Mary (c. 1894–September 13, 1916), also known as "Murderous Mary", was a five-ton Asian elephant who performed in the Sparks World Famous Shows circus. After killing a trainer in Kingsport, Tennessee, she was hanged in nearby Erwin, Tennessee, in 1916.
On September 11, 1916, a homeless man named Red Eldridge, who landed a job as a transient hotel clerk, was hired as an assistant elephant trainer by the Sparks World Famous Shows circus. He was killed by Mary in Sullivan County, Tennessee, on the evening of September 12. Although unqualified, Eldridge led the elephant parade, riding atop Mary's back; Mary was the star of the show, walking at the front. There have been several accounts of his death. One, recounted by W.H. Coleman, who claimed to be a witness, is that he prodded her behind the ear with a hook after she reached down to nibble on a watermelon rind. She went into a rage, snatched Eldridge with her trunk, threw him against a drink stand and stepped on his head, crushing it.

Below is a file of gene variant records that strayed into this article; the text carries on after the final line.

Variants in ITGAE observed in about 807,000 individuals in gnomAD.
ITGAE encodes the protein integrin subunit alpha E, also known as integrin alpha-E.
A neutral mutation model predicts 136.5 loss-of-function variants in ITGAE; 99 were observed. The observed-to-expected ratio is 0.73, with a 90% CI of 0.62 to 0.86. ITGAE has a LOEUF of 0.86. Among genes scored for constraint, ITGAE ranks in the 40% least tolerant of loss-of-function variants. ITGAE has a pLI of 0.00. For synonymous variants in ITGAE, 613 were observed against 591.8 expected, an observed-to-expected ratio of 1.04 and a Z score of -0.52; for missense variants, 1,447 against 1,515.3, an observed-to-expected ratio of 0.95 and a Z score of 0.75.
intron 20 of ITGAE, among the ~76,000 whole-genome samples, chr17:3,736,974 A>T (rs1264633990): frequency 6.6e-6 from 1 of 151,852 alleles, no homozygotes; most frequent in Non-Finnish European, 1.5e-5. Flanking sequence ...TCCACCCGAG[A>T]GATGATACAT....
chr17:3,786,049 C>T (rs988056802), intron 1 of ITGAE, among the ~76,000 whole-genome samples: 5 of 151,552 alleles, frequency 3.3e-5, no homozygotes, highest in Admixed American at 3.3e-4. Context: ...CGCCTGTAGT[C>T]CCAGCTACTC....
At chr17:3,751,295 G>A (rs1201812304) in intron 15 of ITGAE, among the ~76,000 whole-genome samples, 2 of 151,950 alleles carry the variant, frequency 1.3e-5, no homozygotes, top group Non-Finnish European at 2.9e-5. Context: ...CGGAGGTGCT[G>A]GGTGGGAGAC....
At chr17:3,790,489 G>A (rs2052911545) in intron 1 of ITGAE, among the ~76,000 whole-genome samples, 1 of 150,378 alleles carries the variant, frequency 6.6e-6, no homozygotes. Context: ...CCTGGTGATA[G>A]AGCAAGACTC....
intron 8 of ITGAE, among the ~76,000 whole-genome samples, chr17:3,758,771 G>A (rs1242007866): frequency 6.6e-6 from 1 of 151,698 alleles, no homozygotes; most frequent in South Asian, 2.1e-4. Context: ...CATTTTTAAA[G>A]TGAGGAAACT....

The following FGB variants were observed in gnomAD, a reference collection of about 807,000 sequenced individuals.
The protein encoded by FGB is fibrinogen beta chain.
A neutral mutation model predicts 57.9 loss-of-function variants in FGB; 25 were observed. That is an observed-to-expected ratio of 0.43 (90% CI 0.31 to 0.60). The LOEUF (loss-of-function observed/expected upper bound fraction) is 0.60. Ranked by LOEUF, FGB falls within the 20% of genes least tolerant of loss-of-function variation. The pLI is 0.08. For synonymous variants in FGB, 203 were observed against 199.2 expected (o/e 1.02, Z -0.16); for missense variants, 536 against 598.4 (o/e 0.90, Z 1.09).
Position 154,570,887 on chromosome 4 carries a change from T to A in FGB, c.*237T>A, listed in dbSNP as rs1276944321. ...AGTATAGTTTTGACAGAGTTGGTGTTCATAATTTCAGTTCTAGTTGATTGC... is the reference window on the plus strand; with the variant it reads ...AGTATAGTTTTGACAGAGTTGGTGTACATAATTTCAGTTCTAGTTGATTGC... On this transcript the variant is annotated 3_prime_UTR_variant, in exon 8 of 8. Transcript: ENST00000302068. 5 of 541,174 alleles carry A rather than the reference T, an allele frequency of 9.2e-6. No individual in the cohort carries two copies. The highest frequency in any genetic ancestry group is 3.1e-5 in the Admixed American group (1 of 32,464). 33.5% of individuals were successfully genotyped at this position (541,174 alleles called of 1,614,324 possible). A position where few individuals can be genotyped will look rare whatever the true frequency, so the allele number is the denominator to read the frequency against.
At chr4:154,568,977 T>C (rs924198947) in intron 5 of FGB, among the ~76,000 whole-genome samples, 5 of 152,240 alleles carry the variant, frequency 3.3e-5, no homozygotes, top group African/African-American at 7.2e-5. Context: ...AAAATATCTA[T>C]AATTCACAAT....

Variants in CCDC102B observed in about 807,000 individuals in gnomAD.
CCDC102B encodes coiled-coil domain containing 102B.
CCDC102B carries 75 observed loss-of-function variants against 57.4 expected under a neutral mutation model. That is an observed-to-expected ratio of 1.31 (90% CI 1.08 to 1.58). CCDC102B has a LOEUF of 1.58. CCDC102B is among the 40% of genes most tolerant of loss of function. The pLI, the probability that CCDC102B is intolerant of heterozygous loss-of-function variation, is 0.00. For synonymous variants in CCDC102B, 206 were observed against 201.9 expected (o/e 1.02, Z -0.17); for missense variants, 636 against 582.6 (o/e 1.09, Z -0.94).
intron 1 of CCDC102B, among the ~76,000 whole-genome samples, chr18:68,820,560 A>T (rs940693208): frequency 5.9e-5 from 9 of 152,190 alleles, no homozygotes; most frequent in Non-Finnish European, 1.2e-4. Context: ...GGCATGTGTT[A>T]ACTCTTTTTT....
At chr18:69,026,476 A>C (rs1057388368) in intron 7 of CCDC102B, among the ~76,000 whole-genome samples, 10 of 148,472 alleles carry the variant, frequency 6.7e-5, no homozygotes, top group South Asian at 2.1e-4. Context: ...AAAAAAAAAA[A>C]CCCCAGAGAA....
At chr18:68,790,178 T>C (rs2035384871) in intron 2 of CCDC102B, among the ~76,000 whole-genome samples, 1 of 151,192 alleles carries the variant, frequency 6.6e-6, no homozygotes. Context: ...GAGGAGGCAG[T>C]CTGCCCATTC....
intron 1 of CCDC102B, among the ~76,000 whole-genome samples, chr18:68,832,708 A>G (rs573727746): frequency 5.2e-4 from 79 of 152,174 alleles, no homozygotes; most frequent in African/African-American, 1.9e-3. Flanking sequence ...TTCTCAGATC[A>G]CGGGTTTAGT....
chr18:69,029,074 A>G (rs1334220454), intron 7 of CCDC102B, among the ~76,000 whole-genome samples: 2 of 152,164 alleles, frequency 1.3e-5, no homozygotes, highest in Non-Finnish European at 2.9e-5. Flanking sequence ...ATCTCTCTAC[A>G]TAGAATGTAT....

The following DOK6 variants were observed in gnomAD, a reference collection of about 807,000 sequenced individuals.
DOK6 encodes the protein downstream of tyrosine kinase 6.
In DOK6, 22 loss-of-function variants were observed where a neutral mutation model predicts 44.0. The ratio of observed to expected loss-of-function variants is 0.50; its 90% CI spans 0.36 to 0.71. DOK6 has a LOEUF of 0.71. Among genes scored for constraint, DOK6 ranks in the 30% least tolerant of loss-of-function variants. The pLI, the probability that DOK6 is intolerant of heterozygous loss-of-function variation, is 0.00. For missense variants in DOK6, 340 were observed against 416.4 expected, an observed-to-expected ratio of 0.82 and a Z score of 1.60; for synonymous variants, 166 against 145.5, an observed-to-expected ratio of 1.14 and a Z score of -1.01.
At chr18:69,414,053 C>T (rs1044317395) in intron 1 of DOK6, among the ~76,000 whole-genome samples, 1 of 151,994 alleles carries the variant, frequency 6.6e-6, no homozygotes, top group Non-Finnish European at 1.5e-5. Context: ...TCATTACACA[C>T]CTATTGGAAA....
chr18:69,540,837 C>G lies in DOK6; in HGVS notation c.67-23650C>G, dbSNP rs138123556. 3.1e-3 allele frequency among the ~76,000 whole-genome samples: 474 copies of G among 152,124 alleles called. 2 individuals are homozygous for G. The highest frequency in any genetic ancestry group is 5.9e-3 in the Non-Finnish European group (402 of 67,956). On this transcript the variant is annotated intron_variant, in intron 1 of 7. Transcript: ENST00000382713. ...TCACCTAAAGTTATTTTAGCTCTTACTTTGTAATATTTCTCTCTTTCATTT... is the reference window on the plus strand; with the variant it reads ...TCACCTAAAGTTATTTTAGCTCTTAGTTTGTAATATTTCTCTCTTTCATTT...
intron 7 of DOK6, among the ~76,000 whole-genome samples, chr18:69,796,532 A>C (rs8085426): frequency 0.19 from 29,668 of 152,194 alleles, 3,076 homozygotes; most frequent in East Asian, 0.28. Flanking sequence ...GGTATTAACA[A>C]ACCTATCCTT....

the leaders of several nearby towns threatened not to allow the circus to visit if Mary was included. The circus owner, Charlie Sparks, reluctantly decided that the only way to quickly resolve the potentially ruinous situation was to kill the wounded elephant in public. On the following day, a foggy and rainy September 13, 1916, Mary was transported by rail to Unicoi County, Tennessee, where a crowd of over 2,500 people (including most of the town's children) assembled in the Clinchfield Railroad yard.
The elephant was hanged by the neck from a railcar-mounted industrial derrick. The first attempt resulted in a snapped chain, causing Mary to fall and break her hip as dozens of children fled in terror. The severely wounded elephant died during a second attempt and was buried beside the tracks. A veterinarian examined Mary after the hanging and determined that she had a severely infected tooth in the precise spot where Red Eldridge had prodded her.